YouTube has established itself as the brand you can trust to get the information you want in the way you want it. It’s legitimate to ask the people who run CBS, NBC, ABC, other channels why consumers should go to their sites instead of YouTube. What do those brands offer, do better, more effectively than YouTube?
Oh, yes, there are a few: video quality, full-length episodes, uh, uh, something. But when it comes to a brand you trust to bring you that short clip, where do you go? The networks simply haven’t made the case for themselves, and I think it’s probably because in doing so, they’d have to make the case for their affiliates.
The lack of true branding is pervasive in our society. Why shop at this store over that? What makes Von’s better than Ralph’s? Why buy this product or that product or that product? We have endless choice, yet those choices feel false. One bottle of laundry detergent is as good as another.
Some businesses will never be able to achieve real brand recognition because they’ve crossed so far beyond that, there’s no way to really recapture the glory (hello, motion picture studios!). Many other businesses will realize that competition isn’t just another word for selling the same stuff, store after store.
But the ones who succeed will do so because they’ll realize why YouTube gets the viewers that CBS and NBC don’t. It’s all about customer service. Your brand will only survive and thrive if you focus on the customer. Customer service will be the reason I visit your website over another, why I shop in your store instead of the one down the street, why I choose you over the competition.
Your point is well taken regarding how the brand’s external face interacts with customers. I wonder, though, how large a role internal brand evangelism plays in spreading the word about a great (or terrible) company? If your employee’s are supposed to be your greatest asset, shouldn’t a great deal of time be spent on making sure they are your strongest advocates, with a solid foundation of your core brand values?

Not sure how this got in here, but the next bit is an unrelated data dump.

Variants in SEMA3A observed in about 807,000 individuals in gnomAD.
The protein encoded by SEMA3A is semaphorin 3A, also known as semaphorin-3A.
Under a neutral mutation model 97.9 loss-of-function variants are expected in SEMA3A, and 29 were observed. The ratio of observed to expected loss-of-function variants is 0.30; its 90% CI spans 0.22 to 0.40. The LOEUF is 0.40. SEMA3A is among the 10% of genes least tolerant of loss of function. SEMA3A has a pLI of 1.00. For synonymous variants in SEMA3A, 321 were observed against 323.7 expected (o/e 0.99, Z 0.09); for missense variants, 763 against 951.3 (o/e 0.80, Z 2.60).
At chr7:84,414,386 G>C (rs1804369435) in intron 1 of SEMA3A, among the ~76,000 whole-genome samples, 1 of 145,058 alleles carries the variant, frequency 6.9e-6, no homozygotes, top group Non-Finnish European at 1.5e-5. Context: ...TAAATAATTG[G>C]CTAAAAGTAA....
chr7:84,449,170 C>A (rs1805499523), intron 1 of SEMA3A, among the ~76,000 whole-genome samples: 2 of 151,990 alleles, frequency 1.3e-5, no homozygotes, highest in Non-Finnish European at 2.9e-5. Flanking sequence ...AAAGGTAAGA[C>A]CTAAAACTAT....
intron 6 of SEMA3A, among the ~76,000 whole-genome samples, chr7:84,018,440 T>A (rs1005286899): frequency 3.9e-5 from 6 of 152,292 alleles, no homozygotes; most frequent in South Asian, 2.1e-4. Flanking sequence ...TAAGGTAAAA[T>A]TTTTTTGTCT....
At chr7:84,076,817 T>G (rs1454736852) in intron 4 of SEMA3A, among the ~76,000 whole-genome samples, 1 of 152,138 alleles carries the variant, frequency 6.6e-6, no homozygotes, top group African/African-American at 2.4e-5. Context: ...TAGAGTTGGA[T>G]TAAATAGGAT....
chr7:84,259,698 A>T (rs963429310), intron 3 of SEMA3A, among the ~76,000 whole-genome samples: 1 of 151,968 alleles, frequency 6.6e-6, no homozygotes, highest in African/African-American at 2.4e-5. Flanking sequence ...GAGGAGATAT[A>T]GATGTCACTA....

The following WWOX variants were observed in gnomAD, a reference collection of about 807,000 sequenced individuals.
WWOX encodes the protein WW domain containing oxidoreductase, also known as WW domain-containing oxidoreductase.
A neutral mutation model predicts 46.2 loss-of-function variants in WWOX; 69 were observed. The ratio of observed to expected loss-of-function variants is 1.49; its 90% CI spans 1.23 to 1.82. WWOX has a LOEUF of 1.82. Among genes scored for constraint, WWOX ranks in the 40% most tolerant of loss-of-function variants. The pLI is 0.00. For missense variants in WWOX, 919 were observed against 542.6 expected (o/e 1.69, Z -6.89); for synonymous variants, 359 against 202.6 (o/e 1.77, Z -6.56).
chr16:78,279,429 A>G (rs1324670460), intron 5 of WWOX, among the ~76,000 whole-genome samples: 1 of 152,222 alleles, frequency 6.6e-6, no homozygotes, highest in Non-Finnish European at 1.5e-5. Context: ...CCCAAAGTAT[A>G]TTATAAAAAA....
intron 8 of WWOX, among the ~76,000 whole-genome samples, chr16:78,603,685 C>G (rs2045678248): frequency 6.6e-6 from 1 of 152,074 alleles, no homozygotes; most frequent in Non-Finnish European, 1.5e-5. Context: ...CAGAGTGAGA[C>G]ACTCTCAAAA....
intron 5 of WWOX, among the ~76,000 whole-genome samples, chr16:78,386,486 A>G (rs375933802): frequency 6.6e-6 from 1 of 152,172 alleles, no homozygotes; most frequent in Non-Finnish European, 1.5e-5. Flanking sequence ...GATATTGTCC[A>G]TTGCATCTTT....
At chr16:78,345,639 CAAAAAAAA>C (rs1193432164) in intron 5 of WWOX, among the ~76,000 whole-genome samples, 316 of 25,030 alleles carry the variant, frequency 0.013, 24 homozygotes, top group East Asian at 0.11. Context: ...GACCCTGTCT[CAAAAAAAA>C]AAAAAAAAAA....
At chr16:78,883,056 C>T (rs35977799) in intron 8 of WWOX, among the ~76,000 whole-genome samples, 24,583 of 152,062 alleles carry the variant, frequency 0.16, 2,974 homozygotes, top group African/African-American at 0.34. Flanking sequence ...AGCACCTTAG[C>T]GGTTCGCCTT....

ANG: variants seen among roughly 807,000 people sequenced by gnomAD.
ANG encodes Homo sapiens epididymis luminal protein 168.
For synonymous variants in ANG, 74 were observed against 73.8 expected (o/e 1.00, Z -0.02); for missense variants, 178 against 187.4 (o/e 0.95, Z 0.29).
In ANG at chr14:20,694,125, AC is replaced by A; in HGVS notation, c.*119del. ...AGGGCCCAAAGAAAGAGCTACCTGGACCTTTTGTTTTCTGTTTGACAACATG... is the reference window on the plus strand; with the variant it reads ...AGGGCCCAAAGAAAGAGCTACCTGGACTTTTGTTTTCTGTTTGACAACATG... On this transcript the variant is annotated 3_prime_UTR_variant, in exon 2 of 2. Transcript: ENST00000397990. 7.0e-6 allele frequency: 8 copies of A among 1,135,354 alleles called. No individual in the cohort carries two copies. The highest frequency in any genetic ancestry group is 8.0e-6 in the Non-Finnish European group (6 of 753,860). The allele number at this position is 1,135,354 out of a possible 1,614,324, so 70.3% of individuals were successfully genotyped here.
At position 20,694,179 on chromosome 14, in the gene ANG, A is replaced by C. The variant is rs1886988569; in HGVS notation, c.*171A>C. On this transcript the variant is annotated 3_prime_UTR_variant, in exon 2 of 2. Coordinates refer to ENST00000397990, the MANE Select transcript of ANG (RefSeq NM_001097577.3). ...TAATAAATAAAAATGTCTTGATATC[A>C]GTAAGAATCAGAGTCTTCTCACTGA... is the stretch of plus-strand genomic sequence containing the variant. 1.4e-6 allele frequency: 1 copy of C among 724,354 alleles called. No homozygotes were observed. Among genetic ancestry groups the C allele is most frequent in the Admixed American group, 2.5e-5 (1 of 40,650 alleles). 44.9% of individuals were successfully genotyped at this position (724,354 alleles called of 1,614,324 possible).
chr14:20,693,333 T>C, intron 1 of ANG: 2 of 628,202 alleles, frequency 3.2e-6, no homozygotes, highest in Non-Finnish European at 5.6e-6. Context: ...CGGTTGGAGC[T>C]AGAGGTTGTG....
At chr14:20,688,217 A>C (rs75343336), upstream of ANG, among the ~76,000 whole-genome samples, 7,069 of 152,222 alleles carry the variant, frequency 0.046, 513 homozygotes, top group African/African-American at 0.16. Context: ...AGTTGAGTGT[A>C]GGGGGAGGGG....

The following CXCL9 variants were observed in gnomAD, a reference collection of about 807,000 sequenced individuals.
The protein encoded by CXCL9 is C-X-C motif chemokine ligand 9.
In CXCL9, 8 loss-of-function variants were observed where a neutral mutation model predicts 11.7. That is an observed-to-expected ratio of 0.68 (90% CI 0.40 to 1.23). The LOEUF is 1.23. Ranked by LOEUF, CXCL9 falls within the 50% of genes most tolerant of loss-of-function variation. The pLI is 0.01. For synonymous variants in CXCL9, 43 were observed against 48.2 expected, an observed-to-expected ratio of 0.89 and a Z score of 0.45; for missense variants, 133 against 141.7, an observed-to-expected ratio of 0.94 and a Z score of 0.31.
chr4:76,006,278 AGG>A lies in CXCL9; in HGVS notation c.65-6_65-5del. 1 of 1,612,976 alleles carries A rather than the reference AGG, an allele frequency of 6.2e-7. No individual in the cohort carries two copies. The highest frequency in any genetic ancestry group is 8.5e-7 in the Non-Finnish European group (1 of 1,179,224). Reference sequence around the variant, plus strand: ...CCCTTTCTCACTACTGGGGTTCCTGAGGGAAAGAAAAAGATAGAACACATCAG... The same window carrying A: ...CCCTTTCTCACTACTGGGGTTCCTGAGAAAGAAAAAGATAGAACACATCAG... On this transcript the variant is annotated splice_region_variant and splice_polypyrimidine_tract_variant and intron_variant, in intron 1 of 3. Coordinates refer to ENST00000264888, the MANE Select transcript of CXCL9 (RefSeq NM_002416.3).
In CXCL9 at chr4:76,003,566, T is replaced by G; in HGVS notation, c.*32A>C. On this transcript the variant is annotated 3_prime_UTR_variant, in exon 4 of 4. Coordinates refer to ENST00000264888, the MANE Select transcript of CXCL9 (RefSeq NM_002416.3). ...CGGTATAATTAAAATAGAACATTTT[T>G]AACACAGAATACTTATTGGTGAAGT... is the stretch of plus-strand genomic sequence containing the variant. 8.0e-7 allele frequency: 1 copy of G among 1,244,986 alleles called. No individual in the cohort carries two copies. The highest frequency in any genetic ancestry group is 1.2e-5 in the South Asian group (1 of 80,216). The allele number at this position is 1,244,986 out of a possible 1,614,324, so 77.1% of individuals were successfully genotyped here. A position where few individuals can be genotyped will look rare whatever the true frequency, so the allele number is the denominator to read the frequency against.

What makes Vonâ€™s better than Ralphâ€™s? The employee’s, I venture…
What differentiates Vons employees from Ralphs becomes the next question. Before the strike, I would have said that Vons employees really seemed to care. Never felt that way at Ralphs. Now the Vons employees don’t seem all that good either (me: excuse me do you have any lemon juice [common grocery store item], guy [looking at blank space where I’m pointing]: looks like we’re out. maybe in produce, me: where in produce? him: [shrug] I hear it’s over there].
I am very loyal to businesses that make me feel like I matter to them. Case in point: Wahoo’s. Is it the best food ever? No. Pretty good though. However, the employees always seem to go that extra mile. They make eye contact, act like I matter, and, when I leave, say thank you for coming. How often do you get that much acknowledgment in a restaurant, much less a fast food establishment. It’s nice to know they see me.
Customer service comes in many forms and it’s going to be the new black, mark my words.